What’s your favourite song at the moment and why?
Oh, there’s some great music around at the moment. Locally, my current favourite song is Glass Houses by Paquin. It’s wonderful synthesised, shoegaze pop. Best of all, it was recorded at The Lab down the road from the village. I just bought Kiran J Callinan’s album from Southbound Records, and I’m smashing Haim’s album Days are Gone on repeat at Time Out.

How did you first get into photography?
When I got my film back from standard 4 camp, my teacher told me that I was a good photographer. From then on, that’s what I wanted to do. I spent most of 6th and 7th form skulking away in the darkroom, as well as art school. At art school, our photography department was analogue based when I started and mostly digital when I left. I love film photography, but it’s difficult to use in my current nature of work. I photographed my first wedding using film—I would never do that now!

Your photography is primarily images of people, can you tell me why that is?
I guess I mostly shoot people because I am paid to! But it’s definitely what I prefer. Photography is a wonderful way to connect with people, especially when I’m outside of my familiar environment. I love documenting people and events like I’m not there. Most of my work is actually of musicians for promo shots and album art, which is always so interesting and challenging as I am less likely to have any boundaries in style and concept.

What do you do as manager of Time Out?
I make sure our team of 12 staff are all happy and are doing what we’re supposed to do. I’m passionate about high standards of customer service and encouraging customers to spend their money locally. Rostering, special orders, social media, window displays, a bit of book and card buying, going to conferences, delegating! I definitely don’t get to read while working.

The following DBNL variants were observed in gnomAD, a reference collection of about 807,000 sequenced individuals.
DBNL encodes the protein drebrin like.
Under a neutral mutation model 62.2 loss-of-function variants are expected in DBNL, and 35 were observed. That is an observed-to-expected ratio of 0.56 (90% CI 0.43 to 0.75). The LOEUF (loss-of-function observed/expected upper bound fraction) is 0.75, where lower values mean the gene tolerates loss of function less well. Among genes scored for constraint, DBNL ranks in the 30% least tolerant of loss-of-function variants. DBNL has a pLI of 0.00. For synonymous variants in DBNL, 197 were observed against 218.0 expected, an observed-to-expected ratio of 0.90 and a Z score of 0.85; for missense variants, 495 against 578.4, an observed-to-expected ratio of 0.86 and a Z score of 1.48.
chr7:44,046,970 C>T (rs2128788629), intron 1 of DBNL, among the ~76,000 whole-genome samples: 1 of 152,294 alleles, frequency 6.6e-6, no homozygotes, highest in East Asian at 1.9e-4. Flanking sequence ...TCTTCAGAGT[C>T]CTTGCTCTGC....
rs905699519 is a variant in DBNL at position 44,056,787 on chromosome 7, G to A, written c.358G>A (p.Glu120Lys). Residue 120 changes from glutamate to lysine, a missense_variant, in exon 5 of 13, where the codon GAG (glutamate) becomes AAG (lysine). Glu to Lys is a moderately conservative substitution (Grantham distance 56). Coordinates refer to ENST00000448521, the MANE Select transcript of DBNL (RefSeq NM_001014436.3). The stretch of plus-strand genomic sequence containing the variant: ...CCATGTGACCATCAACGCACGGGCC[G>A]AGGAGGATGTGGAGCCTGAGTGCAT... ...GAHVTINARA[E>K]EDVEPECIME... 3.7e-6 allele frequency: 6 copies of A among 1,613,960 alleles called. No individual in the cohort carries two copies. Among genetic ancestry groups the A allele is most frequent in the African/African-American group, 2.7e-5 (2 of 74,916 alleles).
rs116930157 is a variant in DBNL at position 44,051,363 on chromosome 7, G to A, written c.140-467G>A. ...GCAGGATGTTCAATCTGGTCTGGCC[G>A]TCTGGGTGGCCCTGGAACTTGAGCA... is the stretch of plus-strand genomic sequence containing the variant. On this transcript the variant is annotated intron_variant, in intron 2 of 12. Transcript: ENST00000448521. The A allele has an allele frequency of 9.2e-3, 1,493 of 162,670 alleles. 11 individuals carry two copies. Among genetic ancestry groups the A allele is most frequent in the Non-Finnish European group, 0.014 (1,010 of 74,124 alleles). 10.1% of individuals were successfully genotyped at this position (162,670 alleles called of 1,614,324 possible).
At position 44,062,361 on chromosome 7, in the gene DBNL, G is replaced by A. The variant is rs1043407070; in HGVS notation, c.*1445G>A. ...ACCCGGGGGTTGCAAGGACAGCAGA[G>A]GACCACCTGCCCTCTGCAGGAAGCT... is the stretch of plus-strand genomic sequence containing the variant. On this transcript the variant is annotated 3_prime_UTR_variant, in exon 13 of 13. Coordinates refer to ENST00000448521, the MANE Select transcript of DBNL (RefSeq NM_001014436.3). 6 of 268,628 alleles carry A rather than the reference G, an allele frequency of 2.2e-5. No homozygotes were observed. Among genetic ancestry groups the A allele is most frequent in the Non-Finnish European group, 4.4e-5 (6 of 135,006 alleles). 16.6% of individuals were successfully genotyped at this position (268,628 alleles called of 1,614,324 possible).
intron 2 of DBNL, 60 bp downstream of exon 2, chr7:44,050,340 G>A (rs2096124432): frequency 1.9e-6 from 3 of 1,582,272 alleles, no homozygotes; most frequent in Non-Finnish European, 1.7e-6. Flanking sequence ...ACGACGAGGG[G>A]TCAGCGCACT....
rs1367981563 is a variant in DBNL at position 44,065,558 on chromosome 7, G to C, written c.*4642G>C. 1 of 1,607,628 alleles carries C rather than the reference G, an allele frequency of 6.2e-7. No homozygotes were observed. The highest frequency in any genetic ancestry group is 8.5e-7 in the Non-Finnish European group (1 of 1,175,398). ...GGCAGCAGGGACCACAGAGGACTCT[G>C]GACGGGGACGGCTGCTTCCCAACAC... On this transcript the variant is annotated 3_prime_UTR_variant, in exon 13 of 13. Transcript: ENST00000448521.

Tell me how you feel about winning the scholarship.
As I write, it hasn’t been officially announced—so it doesn’t feel quite real. I imagine this is how you feel in the days before you cash in your winning lotto ticket. I’m very proud to be representing Time Out, the NZ book industry and Kobo at the Winter Institute, it’s great that young booksellers are being acknowledged and supported.

How long will you be in America for?
I’m not quite sure yet—but I think about two weeks.

What excites you the most about it?
The adventure! Also, meeting fellow booksellers and spending time in independent bookstores in Seattle and bringing back that inspiration to Mt Eden.

What scares you the most about it?
The long days at the Winter Institute while being jet lagged. Otherwise, I love travelling and I’ve travelled on my own many times—so I’m not nervous about that part of it.

What differences do you expect to see between NZ and American
independent bookselling?
The American book market is a bit ahead of us in terms of indie bookstores selling e-readers and e-books successfully, so I am curious to see how we can mimic that balance selling our Kobo e-readers and books while growing sales of print books. The ygreat thing about the American market is that many indie bookstores are thriving and I’m really looking forward to seeing it happen. Part of my scholarship is the opportunity to work in an American indie bookstore—so I will be gaining some first hand experience.

How has Time Out helped you in winning? Do you think you would
have won had you worked in a different independent book shop?
There are such wonderful indie bookstores all around NZ, but I don’t think I would have as much responsibility as I do at Time Out anywhere else. I am truly trusted by Wendy to do whatever I want with Time Out, and I think the scholarship panel could see that and knew that I would be able to implement any new ideas without any fuss. There are not many jobs that would allow me zip away for a photo shoot, or be okay with me napping on the couch upstairs after finishing a photoshoot the previous night at 2am. I am extremely lucky that I can pursue my two passions side by side.

Thank you to Gardens Magazine, for writing such a fantastic story about Jenna, and letting us reproduce it.

Where to from here for the eBook New Zealand market?